Suzie Vestri: Newspapers need to wise up about mental health

Lord Leveson delivers his findings. Picture: PA
Lord Leveson delivers his findings. Picture: PA
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Since the publication of the Leveson report, we have heard a lot about the need for a “Scottish solution” and the need to “protect the vulnerable” from poor practice by some unethical elements of the fourth estate, while at the same time ensuring press freedom.

It’s hard to disagree. Scotland and its people need a strong press which exposes wrong-doing and fears no person or organisation. We need a press which is responsive to the changing face of Scotland, and acknowledges its power to lead public opinion and the responsibility that brings.

Much has been spoken of the need to protect celebrities and victims of crime from press intrusion and unethical practice, but it’s time to raise a far less covered area of poor reporting which appears daily. It is still seen as acceptable, in some parts of the press, to make casual reference to people with mental health problems as “psychos, schizos and nutters”. This is appalling and people with mental health problems are perhaps the only discriminated-against group still to be treated in this way. Terms like these are offensive to people with all forms of mental illness, and it hurts. It would be completely unheard of in 2012 for someone to be spoken of in an equivalent way because of their colour, gender, faith or physical disability.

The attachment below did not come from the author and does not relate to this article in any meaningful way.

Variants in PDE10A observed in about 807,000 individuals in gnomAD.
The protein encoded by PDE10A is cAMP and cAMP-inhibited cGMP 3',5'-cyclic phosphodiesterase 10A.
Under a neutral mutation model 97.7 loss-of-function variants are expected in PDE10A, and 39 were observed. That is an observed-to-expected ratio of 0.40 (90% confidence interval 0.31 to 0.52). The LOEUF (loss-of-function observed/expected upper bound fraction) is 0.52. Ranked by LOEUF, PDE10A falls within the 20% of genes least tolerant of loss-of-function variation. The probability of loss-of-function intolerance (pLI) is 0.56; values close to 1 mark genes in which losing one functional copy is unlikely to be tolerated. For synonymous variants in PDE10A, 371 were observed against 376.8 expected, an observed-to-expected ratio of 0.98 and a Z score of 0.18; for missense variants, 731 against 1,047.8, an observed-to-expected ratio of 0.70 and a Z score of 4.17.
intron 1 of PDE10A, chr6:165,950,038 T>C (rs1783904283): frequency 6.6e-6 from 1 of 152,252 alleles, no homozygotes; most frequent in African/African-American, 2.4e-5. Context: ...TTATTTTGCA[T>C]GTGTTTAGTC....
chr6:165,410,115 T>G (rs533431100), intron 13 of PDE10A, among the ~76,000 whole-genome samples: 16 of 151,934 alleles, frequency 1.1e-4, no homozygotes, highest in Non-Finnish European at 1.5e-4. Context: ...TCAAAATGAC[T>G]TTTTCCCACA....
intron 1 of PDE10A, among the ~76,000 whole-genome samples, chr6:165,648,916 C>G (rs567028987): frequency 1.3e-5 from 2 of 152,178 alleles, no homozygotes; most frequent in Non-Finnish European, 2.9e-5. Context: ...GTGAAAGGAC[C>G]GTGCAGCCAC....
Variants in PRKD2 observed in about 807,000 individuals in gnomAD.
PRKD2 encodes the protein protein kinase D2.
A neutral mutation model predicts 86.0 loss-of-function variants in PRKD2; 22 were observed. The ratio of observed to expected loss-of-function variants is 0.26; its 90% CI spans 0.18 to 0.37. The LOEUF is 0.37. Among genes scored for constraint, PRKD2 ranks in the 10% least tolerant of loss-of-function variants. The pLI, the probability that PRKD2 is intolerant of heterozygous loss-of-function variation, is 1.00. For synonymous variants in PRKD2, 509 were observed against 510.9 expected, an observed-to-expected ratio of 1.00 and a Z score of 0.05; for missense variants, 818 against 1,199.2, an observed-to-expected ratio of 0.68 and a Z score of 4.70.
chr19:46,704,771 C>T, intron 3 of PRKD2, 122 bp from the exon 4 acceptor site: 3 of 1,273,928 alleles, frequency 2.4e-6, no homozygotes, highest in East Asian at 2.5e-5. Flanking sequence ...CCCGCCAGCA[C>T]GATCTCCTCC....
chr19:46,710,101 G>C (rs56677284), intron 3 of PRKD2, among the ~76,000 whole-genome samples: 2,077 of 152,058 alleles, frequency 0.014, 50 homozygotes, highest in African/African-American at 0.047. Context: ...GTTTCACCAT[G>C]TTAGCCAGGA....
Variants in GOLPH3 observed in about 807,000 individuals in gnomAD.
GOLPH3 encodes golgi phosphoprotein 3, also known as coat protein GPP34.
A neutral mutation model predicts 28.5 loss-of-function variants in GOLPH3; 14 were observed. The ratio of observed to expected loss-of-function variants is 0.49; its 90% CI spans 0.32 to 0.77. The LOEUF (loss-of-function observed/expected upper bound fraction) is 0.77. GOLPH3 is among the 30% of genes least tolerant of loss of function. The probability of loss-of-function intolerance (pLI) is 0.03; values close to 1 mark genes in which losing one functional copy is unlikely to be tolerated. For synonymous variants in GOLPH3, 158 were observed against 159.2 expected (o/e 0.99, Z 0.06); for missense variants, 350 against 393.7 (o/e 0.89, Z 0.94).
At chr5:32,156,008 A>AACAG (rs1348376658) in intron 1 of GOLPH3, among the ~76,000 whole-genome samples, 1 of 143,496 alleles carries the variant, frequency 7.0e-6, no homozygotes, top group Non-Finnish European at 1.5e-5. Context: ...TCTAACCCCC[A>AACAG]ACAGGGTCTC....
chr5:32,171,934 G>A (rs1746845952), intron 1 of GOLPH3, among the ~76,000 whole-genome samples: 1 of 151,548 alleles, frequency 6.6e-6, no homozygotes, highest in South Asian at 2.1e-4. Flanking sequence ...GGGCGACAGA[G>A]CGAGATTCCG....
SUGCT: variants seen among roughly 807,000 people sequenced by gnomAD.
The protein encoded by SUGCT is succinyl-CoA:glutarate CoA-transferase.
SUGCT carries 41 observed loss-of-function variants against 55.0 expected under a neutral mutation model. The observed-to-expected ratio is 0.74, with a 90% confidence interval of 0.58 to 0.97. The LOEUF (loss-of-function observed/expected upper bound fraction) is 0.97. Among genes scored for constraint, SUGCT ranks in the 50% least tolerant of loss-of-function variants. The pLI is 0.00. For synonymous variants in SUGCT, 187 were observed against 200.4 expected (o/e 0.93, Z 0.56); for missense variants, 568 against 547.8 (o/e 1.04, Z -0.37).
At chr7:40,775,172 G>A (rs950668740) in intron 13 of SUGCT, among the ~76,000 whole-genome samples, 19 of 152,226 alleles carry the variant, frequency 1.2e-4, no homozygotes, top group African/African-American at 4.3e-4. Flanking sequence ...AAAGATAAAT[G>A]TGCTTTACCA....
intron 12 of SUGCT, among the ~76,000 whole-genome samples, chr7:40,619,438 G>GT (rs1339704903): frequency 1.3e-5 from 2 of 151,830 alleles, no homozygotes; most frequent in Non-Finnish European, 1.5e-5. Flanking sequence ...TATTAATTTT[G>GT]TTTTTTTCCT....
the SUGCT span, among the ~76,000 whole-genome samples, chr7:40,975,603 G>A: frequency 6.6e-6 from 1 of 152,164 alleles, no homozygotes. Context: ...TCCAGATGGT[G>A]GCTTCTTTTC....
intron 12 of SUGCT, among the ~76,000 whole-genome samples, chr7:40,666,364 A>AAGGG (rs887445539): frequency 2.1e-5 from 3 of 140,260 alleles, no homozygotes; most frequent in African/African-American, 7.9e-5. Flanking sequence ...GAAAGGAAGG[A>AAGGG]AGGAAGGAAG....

The Leveson report says the “power of the press to reach a wide audience, whilst having the capacity to do great good, carries certain risks” and that “views expressed through the press megaphone are more likely to dominate”.

The Scottish public agrees. In a 2011 survey, nearly two thirds of people thought the way mental health problems are reported had a negative influence on society and 86 per cent thought newspapers had a responsibility to report mental health issues responsibly and in a non-sensationalist manner. It’s a common response by editors that the press just follows the public and doesn’t lead. The public doesn’t think so, and Leveson agrees with them.

The Leveson report presents an opportunity for Scotland to have the press we deserve. To do that we – and the Scottish Parliament when it discusses Leveson – need to make clear that offensive reporting of mental illness is no longer acceptable.

• Suzie Vestri is director of See Me, Scotland’s national campaign against mental health discrimination.